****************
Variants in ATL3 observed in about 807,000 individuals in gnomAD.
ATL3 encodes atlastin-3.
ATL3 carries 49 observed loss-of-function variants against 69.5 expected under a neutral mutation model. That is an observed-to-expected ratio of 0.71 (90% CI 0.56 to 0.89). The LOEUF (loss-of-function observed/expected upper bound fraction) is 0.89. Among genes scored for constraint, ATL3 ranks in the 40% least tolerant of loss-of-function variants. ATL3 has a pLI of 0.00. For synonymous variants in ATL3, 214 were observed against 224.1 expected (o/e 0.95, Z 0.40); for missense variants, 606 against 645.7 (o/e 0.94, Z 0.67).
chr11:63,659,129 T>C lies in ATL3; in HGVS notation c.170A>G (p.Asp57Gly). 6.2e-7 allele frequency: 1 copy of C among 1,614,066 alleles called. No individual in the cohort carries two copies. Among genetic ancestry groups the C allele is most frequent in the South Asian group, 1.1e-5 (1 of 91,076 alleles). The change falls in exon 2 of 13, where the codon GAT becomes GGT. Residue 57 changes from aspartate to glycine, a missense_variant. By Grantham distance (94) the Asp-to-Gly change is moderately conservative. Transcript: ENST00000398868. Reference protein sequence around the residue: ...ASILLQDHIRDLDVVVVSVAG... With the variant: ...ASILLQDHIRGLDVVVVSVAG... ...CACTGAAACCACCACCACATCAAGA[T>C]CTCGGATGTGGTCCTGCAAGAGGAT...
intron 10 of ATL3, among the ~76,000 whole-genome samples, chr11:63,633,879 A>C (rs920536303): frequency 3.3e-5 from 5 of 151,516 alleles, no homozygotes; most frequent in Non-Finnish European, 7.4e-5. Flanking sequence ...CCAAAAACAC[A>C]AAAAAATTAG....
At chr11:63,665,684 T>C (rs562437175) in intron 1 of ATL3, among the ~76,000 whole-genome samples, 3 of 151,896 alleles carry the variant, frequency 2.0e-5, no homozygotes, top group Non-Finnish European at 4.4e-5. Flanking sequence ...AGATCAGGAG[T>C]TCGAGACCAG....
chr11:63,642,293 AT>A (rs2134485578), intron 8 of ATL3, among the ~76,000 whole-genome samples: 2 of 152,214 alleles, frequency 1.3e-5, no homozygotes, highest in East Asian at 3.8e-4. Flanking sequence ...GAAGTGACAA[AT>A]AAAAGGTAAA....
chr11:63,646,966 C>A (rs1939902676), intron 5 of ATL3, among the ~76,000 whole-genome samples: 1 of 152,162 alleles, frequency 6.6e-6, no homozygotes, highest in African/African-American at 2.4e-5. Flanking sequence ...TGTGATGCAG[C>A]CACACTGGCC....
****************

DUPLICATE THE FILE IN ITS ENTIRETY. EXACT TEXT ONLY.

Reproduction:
Variants in ATL3 observed in about 807,000 individuals in gnomAD.
ATL3 encodes atlastin-3.
ATL3 carries 49 observed loss-of-function variants against 69.5 expected under a neutral mutation model. That is an observed-to-expected ratio of 0.71 (90% CI 0.56 to 0.89). The LOEUF (loss-of-function observed/expected upper bound fraction) is 0.89. Among genes scored for constraint, ATL3 ranks in the 40% least tolerant of loss-of-function variants. ATL3 has a pLI of 0.00. For synonymous variants in ATL3, 214 were observed against 224.1 expected (o/e 0.95, Z 0.40); for missense variants, 606 against 645.7 (o/e 0.94, Z 0.67).
chr11:63,659,129 T>C lies in ATL3; in HGVS notation c.170A>G (p.Asp57Gly). 6.2e-7 allele frequency: 1 copy of C among 1,614,066 alleles called. No individual in the cohort carries two copies. Among genetic ancestry groups the C allele is most frequent in the South Asian group, 1.1e-5 (1 of 91,076 alleles). The change falls in exon 2 of 13, where the codon GAT becomes GGT. Residue 57 changes from aspartate to glycine, a missense_variant. By Grantham distance (94) the Asp-to-Gly change is moderately conservative. Transcript: ENST00000398868. Reference protein sequence around the residue: ...ASILLQDHIRDLDVVVVSVAG... With the variant: ...ASILLQDHIRGLDVVVVSVAG... ...CACTGAAACCACCACCACATCAAGA[T>C]CTCGGATGTGGTCCTGCAAGAGGAT...
intron 10 of ATL3, among the ~76,000 whole-genome samples, chr11:63,633,879 A>C (rs920536303): frequency 3.3e-5 from 5 of 151,516 alleles, no homozygotes; most frequent in Non-Finnish European, 7.4e-5. Flanking sequence ...CCAAAAACAC[A>C]AAAAAATTAG....
At chr11:63,665,684 T>C (rs562437175) in intron 1 of ATL3, among the ~76,000 whole-genome samples, 3 of 151,896 alleles carry the variant, frequency 2.0e-5, no homozygotes, top group Non-Finnish European at 4.4e-5. Flanking sequence ...AGATCAGGAG[T>C]TCGAGACCAG....
chr11:63,642,293 AT>A (rs2134485578), intron 8 of ATL3, among the ~76,000 whole-genome samples: 2 of 152,214 alleles, frequency 1.3e-5, no homozygotes, highest in East Asian at 3.8e-4. Flanking sequence ...GAAGTGACAA[AT>A]AAAAGGTAAA....
chr11:63,646,966 C>A (rs1939902676), intron 5 of ATL3, among the ~76,000 whole-genome samples: 1 of 152,162 alleles, frequency 6.6e-6, no homozygotes, highest in African/African-American at 2.4e-5. Flanking sequence ...TGTGATGCAG[C>A]CACACTGGCC....